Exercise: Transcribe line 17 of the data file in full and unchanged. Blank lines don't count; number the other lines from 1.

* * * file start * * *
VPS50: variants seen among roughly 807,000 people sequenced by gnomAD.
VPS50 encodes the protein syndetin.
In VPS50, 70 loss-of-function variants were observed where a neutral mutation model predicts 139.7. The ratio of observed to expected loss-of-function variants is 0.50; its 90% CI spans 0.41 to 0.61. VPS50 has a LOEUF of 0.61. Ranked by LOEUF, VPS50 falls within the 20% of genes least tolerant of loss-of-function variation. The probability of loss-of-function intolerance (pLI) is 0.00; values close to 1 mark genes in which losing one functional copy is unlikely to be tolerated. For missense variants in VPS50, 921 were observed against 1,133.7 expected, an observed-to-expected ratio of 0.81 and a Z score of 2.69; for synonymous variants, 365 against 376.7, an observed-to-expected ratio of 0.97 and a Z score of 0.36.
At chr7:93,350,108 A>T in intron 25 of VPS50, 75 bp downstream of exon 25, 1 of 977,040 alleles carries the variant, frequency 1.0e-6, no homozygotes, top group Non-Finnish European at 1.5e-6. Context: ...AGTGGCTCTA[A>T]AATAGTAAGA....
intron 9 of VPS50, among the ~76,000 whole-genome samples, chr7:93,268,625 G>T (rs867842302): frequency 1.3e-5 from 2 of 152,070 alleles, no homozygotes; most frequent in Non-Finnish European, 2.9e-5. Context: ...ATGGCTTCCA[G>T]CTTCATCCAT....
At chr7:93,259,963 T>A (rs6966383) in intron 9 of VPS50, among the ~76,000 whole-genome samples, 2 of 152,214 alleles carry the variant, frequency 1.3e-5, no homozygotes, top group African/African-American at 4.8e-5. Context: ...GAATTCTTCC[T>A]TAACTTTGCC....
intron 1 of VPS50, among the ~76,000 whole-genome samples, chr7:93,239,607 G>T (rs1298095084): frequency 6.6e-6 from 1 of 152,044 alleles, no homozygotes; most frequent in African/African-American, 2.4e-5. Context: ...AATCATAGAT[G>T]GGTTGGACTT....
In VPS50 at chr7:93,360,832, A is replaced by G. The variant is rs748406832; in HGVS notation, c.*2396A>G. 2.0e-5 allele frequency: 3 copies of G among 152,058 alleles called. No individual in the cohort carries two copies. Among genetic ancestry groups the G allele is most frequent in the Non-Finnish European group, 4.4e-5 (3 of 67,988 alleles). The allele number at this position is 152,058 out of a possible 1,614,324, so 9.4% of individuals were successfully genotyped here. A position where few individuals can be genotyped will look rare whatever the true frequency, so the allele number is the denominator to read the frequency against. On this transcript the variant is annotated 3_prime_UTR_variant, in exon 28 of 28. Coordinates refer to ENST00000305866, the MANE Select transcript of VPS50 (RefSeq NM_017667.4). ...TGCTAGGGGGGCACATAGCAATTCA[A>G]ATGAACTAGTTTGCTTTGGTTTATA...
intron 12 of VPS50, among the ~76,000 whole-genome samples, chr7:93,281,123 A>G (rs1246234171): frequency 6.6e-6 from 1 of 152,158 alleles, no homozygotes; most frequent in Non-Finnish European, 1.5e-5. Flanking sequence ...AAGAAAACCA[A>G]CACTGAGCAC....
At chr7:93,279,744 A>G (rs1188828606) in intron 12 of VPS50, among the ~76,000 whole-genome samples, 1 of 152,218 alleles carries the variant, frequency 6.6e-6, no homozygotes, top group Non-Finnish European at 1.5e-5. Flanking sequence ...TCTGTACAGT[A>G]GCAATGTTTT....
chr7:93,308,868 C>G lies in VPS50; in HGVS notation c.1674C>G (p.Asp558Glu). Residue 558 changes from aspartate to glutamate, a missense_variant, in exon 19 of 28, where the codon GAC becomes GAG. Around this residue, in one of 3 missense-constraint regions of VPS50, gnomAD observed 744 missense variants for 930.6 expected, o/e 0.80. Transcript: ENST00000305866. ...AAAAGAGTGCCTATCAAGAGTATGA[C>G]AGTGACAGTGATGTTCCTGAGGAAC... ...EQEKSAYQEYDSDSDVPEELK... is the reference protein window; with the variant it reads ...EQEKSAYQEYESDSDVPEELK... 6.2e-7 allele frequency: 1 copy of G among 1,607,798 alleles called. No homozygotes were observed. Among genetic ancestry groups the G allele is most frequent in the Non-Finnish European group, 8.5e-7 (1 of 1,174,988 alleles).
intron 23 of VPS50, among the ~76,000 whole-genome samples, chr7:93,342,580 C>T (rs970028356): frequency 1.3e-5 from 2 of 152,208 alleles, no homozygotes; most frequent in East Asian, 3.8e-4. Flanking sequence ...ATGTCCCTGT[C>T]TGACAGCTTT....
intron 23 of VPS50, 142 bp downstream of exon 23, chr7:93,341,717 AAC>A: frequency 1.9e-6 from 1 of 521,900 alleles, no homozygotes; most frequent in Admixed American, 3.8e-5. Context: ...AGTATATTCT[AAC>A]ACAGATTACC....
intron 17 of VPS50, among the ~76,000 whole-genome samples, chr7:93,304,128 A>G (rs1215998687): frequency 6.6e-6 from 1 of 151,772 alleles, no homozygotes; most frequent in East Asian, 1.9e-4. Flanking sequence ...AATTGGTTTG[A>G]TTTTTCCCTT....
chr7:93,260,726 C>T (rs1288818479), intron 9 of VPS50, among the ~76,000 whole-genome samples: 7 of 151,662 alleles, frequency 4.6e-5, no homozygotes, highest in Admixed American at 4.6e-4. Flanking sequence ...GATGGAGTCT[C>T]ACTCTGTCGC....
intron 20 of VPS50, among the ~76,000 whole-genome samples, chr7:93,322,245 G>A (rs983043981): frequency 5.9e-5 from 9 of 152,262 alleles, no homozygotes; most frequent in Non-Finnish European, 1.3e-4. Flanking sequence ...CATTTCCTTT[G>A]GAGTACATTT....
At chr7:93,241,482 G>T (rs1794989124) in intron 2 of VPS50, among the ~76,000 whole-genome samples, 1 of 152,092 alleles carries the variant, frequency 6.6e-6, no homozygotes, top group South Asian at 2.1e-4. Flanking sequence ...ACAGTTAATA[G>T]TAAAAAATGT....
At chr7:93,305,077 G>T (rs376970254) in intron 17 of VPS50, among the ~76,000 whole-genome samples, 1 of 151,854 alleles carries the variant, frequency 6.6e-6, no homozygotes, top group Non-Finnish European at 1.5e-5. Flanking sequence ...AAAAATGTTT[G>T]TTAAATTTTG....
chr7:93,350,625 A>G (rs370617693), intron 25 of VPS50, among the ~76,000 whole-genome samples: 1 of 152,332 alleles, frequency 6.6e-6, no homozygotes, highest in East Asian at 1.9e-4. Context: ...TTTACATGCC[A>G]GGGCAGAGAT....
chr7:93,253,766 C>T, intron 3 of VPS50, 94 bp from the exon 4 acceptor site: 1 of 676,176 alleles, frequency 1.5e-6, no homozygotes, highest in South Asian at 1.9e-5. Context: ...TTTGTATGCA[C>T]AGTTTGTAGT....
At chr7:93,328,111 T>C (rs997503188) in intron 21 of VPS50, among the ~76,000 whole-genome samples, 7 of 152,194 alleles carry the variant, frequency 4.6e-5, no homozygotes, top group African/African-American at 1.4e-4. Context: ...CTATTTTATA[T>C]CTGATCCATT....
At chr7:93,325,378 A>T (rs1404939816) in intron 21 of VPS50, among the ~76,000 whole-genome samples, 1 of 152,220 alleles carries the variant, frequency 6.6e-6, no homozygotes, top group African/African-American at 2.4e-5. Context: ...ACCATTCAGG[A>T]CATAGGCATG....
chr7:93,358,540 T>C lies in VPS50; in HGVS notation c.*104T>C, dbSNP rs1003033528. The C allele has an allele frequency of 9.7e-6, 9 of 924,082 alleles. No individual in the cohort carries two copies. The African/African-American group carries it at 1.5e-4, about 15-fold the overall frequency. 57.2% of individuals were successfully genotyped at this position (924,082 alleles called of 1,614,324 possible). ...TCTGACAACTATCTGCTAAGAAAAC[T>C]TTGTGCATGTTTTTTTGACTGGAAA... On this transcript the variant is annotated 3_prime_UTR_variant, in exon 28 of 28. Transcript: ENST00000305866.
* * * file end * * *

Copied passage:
At chr7:93,241,482 G>T (rs1794989124) in intron 2 of VPS50, among the ~76,000 whole-genome samples, 1 of 152,092 alleles carries the variant, frequency 6.6e-6, no homozygotes, top group South Asian at 2.1e-4. Flanking sequence ...ACAGTTAATA[G>T]TAAAAAATGT....